Handicaps in the sporting world makes for more fair competition. However, the system can easily be manipulated. GEORGE LOUW takes a look at the abuse of these handicaps on and off the field
In 2010 and again in 2011 Hideki Matsuyama won the Asia Pacific Amateur Golf Championships. In 2021, at the Augusta National Golf Club in Augusta, Georgia, he became the first Japanese golfer to win a United States (US) Masters tournament. In interviews following the tournament, Matsuyama spoke of himself as a pioneer for Japanese golf and expressed the hope that this would pave the way for many Japanese children to pursue golf.
For me, this is significant as winning is not just about an achievement; it is about inspiring others to step up. However, inspiring others is as much about our integrity as a person as it is about our achievements. In sport, how we play the game is as important as the win.
Amateur golf, with its system of handicaps, is a wonderful example of this. Golf, as played by “ordinary” people is possibly the most social of all non-team sports, not just because of the 19th hole (the clubhouse bar), but because of the socialising and friendly competition on the course. It is often said that if you want to get to know a person’s true character, see how he behaves on the golf course.
Because of the social aspect of the game, there is a system of handicaps which levels the playing field. If a good player averages 72 shots over the eighteen holes on a golf course, the par score for that course is 72.
If another player averages 100 shots, they are 28 shots over par. This is considered their handicap and is factored into the scoring system. The winner is determined by the player who performs the best relative to their handicap even if this means more shots. Maintaining or improving on your personal average becomes the determining factor.
There are similar systems in disability sports. A friend told me how she came stone last in a swimming event, but because of the relative level of her disability compared to the other competitors, she won gold. The same holds true for team sports where there are collective scoring systems: the total scores of the players make up a team score that must be within specified ranges so that teams match up fairly.
The purpose of a handicap is to allow people who are amateurs at the game, or whose level of disability places them at non-competitive levels, to compete and still do well. It is also a means to compete against yourself. As a golfer, by practicing your golf you can step up from a 28 handicap to 20, 10 and eventually to play professionally.
If you keep at it, like Matsuyama, you may also one day wear the green jacket of a Master Golfer. If you are a swimmer with a disability who is able to swim 50 meters in 120 seconds today but next month you can do it in 100 seconds, you will feel fantastic about yourself.
But, as with life at large, there are always those who manipulate systems meant for the greater good to suit their own ends. In the last edition, I wrote about boosting, but there are also those who “down-perform” in order to get into a disability category that would allow them to outperform by simply stepping up their performance when at a major event.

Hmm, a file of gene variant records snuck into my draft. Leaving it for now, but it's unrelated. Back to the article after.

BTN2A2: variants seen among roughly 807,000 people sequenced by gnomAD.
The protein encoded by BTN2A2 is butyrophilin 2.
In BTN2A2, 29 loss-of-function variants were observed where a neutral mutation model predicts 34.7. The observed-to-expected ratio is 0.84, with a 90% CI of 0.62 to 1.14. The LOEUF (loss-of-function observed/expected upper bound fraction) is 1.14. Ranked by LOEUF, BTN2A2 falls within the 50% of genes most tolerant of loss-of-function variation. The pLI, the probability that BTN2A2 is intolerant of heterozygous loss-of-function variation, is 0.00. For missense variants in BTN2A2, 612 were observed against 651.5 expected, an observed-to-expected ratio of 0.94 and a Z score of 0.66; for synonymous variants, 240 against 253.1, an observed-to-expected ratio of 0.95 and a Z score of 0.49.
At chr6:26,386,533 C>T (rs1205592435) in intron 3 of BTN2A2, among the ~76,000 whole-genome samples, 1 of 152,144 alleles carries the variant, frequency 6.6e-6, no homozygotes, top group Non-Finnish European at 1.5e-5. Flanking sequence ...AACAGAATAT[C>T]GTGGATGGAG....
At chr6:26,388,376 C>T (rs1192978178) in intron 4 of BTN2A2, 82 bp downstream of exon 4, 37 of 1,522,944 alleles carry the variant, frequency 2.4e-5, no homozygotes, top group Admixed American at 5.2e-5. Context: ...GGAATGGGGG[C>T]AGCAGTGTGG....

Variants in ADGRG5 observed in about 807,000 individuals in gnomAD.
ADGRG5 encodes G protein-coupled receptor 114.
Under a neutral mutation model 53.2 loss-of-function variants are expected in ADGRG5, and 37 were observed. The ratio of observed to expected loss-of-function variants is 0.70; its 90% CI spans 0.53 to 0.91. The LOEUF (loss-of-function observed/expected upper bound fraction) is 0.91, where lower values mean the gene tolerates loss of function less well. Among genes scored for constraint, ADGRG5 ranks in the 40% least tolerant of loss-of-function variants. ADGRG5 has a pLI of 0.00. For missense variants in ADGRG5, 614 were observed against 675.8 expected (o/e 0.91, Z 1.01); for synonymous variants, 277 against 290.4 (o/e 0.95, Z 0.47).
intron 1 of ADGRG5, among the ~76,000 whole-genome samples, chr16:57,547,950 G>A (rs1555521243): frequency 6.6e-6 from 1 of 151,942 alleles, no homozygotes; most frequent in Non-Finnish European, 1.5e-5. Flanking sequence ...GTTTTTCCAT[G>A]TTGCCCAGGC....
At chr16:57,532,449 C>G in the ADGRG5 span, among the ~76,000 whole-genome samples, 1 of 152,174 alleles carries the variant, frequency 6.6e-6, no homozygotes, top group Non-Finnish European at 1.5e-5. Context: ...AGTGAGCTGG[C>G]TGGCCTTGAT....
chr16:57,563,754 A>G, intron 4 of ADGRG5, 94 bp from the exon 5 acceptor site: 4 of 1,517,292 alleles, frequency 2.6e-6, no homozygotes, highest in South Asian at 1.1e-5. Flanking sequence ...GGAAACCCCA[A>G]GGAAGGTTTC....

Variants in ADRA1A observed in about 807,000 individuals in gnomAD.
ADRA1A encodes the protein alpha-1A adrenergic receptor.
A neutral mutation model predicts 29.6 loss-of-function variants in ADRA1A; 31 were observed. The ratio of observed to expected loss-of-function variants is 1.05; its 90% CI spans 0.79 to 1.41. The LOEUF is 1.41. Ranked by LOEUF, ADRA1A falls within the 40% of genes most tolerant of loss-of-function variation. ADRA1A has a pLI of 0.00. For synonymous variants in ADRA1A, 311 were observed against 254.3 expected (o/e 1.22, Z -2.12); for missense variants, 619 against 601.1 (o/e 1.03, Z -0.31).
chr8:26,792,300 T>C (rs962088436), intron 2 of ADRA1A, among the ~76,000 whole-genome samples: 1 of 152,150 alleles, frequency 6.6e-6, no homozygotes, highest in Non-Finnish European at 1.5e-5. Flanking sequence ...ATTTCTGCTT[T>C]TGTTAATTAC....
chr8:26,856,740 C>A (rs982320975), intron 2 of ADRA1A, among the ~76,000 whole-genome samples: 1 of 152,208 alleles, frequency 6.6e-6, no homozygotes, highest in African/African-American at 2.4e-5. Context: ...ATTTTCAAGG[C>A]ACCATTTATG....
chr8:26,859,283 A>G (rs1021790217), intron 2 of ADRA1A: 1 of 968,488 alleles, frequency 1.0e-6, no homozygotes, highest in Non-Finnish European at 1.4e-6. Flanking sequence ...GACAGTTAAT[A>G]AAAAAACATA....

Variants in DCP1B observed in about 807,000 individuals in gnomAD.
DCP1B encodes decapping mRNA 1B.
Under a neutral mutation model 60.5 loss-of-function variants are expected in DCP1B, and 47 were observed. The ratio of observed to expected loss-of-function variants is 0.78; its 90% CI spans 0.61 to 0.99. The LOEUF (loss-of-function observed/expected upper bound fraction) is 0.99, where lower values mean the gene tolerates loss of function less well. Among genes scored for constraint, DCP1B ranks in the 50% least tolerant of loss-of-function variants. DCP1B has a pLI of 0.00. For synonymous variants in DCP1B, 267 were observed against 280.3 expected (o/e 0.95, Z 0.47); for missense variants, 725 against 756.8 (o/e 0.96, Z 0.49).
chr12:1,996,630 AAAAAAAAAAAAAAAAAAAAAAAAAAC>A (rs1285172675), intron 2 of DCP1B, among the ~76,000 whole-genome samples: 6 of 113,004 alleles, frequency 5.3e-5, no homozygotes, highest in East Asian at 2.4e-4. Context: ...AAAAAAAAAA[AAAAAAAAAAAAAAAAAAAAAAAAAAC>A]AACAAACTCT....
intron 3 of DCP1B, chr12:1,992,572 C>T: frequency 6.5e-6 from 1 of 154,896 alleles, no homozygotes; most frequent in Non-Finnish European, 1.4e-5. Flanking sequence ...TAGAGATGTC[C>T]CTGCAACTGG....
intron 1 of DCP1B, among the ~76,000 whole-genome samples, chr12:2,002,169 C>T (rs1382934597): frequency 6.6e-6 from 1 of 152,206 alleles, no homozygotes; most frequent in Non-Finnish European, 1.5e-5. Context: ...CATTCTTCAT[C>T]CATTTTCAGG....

Just as there are golfers that “work” at establishing poorer handicaps before an important competition, in order to improve their chances of winning.
Handicaps aren’t exclusive to the world of sport, nor down performers. The South African Department of Economic Development defines the purpose of Broad-Based Black Economic Empowerment (B-BBEE) as ensuring “that the economy is structured and transformed to enable the meaningful participation of the majority of [South African] citizens”.
It aims to create capacity at all levels (for example, procurement, business development, ownership) for the entry of black entrepreneurs into the economy. B-BBEE is essential in harnessing the potential of black communities.
“A handicap allows amateurs to compete and still do well.”
In essence, B-BBEE is a form of handicap. It levels the playing field for previously disadvantaged persons to enter into the economic and sport environments, to prove their worth to society. It provides the opportunity for them to grow and excel.
Unfortunately, it has been captured by persons who manipulate the system toward serving their own selfish purposes.
For these people, it is not about an opportunity to prove their value to society. It has become an entitlement toward status, self-enrichment and power. There are many examples; our press overflows with them.
Peter Berger, a well-known sociologist, was once asked which is the better system, capitalism or socialism. His reply (paraphrased) was that neither system was good nor bad. It is what you make of them that makes them good or bad. The same holds true for handicap systems. The systems are neutral. It is how they are applied by government, business enterprises, sporting associations or individuals that make them either good or bad.
Our athletes, the able-bodied and those with disabilities, are soon leaving for Tokyo. Let’s base the selection of the athletes on their performances and not their race. Let’s base the appointment of the coaching teams on proficiency and not on race. Let’s base the appointment of the team management on expertise and not on race. And let’s go to Tokyo with the purpose to excel for our beloved South Africa.
Ida’s Corner is a regular column by George Louw, who qualified as a medical doctor, but, due to a progressing spastic paralysis, chose a career in health administration. The column is named after Ida Hlongwa, who worked as caregiver for Ari Seirlis for 20 years. Her charm, smile, commitment, quality care and sacrifice set the bar incredibly high for the caregiving fraternity. email: firstname.lastname@example.org